Things to Do in Fort Wayne and Beyond

GoodbyeWave / Memorial Day e.p.

D.M. Jones

Whatzup Features Writer

Published July 10, 2008

Heads Up! This article is 15 years old.

It’s been only a matter of months since an energized J. Hubner shared his last goodbyewave release, bright lights, strange nights, with us, and he appears to have shifted gears slightly in the interim. Apparently Hubner’s tapped into his inner J. Mascis — this new release, memorial day e.p., is loaded with super-fuzzed guitars layered over goodbyewave’s patented multi-harmony vocals, cool keyboards and addictive melodies.Â

memorial day e.p. kicks off with a fuzzed-out and completely groovy instrumental called “New Rebel (Old Cause),” a tune filled with potential energy just bubbling under the surface, providing a sense of tension begging for release – never quite granting it. It’s as if Radiohead had emerged from the Southern U.S. rather than stodgy ol’ Britain. Next comes “Long Car Rides,” a slow, classic harmony-driven tune that rewards optimistic listeners with this lyrical nugget: “Life is suffering / Suffering is you and me.” It’s a well constructed song with uncomplicated instrumentation and plenty of heft, a bit reminiscent of Sebadoh – minus the Lou Barlow-in-the-fetal-position vibe, thank you very much. The combination of a sprightly “Here Comes the Sun”-style acoustic riff and Byrds-y jangle lifts “Face to Face” out of its bittersweet lyrical landscape and into pure sunshine.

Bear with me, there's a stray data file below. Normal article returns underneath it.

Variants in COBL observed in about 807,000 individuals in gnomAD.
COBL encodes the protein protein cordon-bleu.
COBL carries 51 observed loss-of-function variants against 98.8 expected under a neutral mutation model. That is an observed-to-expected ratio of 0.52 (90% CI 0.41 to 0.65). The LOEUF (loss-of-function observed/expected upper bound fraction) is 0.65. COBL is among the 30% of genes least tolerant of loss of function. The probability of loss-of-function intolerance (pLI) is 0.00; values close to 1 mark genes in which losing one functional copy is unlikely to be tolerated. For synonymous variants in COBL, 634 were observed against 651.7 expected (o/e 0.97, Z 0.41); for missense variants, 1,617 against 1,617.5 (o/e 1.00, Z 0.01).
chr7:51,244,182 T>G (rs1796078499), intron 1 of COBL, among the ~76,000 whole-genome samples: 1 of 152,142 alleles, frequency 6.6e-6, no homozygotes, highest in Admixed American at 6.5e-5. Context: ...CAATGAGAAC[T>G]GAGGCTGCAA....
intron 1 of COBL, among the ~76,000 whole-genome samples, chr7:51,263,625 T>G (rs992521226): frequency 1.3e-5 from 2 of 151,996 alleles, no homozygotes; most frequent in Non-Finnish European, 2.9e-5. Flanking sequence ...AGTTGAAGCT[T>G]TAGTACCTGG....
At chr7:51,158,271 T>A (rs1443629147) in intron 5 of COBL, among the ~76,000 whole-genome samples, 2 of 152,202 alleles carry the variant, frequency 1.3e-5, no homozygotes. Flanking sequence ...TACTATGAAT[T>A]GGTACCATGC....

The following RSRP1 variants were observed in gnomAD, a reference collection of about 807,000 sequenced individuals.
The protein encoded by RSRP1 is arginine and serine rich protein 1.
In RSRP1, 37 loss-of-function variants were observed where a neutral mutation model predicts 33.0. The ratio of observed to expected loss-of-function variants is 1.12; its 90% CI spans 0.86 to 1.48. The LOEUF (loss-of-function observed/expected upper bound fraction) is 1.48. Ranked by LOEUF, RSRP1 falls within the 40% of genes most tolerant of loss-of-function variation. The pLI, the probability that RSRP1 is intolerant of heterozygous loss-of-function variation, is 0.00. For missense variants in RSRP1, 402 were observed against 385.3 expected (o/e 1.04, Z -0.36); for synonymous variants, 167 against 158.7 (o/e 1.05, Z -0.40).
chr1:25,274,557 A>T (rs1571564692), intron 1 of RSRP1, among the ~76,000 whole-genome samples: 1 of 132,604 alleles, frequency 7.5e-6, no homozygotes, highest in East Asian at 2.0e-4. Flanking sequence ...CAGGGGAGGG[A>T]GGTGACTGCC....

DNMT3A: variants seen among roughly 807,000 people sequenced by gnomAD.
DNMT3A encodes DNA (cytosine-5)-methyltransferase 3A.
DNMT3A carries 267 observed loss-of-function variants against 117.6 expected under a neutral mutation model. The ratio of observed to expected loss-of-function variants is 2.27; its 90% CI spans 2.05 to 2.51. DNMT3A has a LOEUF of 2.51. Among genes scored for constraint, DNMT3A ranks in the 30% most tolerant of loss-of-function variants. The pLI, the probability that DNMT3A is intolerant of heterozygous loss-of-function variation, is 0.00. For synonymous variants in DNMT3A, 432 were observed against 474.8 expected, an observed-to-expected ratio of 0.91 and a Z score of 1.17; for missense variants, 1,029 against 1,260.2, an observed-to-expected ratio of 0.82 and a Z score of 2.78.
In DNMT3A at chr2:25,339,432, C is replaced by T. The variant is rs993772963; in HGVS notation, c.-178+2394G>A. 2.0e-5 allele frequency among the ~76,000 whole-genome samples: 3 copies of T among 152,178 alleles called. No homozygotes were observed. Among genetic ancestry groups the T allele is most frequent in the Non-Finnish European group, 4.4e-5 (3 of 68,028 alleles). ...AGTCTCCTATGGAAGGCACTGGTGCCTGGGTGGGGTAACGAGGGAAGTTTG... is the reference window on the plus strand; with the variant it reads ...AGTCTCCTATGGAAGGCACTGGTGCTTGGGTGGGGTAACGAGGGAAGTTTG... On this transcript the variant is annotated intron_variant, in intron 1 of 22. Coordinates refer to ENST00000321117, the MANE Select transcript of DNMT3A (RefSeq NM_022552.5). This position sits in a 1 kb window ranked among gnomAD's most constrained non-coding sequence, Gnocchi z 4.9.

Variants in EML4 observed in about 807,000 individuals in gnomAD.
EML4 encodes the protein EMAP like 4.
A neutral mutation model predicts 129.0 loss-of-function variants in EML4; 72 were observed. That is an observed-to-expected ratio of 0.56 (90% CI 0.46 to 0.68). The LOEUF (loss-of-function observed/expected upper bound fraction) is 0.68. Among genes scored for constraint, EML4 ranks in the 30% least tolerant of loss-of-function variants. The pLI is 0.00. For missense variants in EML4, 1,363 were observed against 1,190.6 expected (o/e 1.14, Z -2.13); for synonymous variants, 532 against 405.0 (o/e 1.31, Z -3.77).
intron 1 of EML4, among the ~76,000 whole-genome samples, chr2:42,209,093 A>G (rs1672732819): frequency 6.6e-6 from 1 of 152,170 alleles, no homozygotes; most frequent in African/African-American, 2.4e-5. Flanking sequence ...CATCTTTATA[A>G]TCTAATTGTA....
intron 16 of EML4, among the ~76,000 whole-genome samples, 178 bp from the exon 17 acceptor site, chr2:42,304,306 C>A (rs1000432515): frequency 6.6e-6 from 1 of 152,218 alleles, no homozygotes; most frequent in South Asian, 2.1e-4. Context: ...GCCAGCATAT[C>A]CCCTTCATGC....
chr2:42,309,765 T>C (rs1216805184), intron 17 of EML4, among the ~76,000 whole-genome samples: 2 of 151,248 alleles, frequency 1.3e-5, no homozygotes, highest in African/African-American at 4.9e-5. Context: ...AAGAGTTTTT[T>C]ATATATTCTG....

Crunchy guitars return during the cranky, accusatory “Why Don’t You Believe in Me?” Atop a rocking musical platform The Kinks might appreciate, Hubner spits, “Where did you go when things got bad / Where did you turn when you were feeling bad?” before finally imploring, “You treat me like an enemy combatant / Where did that come from?” Fittingly, a psychedelic, fuzz-fueled breakdown follows.Â

memorial day e.p.’s production isn’t exactly lo-fi; it lies in that magical area where all the sonic elements are captured, but a graininess and edge are maintained. It fits both the substance and the vibe very well. “Comes Around, Goes Around” moves goodbyewave into the E.L.O./Pink Floyd-tinged world formerly inhabited by Grandaddy, with a bit of Eels-style sardonic smirk poking through the pain. It’s a textured, subtly tortured number that’s hook-driven enough to make you brave the storm clouds for the reward of repeated listens.

Finally, “Memorial Day, 1978” shines through the cloud cover, sounding of all things a little bit like old-school Chicago, sans the horns, channeled through the bruised pop lens of Big Star. This disc is sometimes raw and always emotionally charged, but Hubner’s knack for knocking out great-sounding tunes trumps all. Suffering might be life, but for our sake, J., keep it up.Â

More info is available at (D.M. Jones)

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